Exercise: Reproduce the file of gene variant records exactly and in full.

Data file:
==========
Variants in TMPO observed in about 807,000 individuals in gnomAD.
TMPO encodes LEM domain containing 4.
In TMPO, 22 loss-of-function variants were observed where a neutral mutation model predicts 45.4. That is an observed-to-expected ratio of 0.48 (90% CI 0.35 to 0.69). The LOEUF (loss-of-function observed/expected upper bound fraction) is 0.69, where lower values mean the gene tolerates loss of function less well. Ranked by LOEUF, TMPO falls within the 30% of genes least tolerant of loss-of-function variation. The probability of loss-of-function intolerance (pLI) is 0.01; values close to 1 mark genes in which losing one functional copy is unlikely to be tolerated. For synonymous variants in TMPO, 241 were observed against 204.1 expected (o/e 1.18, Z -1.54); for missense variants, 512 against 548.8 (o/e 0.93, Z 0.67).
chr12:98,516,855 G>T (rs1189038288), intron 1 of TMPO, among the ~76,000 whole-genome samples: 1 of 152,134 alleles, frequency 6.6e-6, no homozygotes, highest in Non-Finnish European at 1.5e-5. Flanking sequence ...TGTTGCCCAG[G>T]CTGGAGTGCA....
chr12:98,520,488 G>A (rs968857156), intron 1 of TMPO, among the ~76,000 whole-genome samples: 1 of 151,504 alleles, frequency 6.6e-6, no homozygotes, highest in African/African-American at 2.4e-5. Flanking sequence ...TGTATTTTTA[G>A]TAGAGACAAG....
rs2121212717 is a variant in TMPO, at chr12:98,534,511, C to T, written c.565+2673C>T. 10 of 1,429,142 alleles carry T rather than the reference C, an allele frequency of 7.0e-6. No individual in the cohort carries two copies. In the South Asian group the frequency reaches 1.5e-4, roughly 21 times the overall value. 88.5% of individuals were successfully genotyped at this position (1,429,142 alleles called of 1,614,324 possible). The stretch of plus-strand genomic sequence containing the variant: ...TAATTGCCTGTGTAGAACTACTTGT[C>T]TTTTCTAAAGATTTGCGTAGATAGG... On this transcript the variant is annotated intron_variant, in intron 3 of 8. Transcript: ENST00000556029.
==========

Variants in TMPO observed in about 807,000 individuals in gnomAD.
TMPO encodes LEM domain containing 4.
In TMPO, 22 loss-of-function variants were observed where a neutral mutation model predicts 45.4. That is an observed-to-expected ratio of 0.48 (90% CI 0.35 to 0.69). The LOEUF (loss-of-function observed/expected upper bound fraction) is 0.69, where lower values mean the gene tolerates loss of function less well. Ranked by LOEUF, TMPO falls within the 30% of genes least tolerant of loss-of-function variation. The probability of loss-of-function intolerance (pLI) is 0.01; values close to 1 mark genes in which losing one functional copy is unlikely to be tolerated. For synonymous variants in TMPO, 241 were observed against 204.1 expected (o/e 1.18, Z -1.54); for missense variants, 512 against 548.8 (o/e 0.93, Z 0.67).
chr12:98,516,855 G>T (rs1189038288), intron 1 of TMPO, among the ~76,000 whole-genome samples: 1 of 152,134 alleles, frequency 6.6e-6, no homozygotes, highest in Non-Finnish European at 1.5e-5. Flanking sequence ...TGTTGCCCAG[G>T]CTGGAGTGCA....
chr12:98,520,488 G>A (rs968857156), intron 1 of TMPO, among the ~76,000 whole-genome samples: 1 of 151,504 alleles, frequency 6.6e-6, no homozygotes, highest in African/African-American at 2.4e-5. Flanking sequence ...TGTATTTTTA[G>A]TAGAGACAAG....
rs2121212717 is a variant in TMPO, at chr12:98,534,511, C to T, written c.565+2673C>T. 10 of 1,429,142 alleles carry T rather than the reference C, an allele frequency of 7.0e-6. No individual in the cohort carries two copies. In the South Asian group the frequency reaches 1.5e-4, roughly 21 times the overall value. 88.5% of individuals were successfully genotyped at this position (1,429,142 alleles called of 1,614,324 possible). The stretch of plus-strand genomic sequence containing the variant: ...TAATTGCCTGTGTAGAACTACTTGT[C>T]TTTTCTAAAGATTTGCGTAGATAGG... On this transcript the variant is annotated intron_variant, in intron 3 of 8. Transcript: ENST00000556029.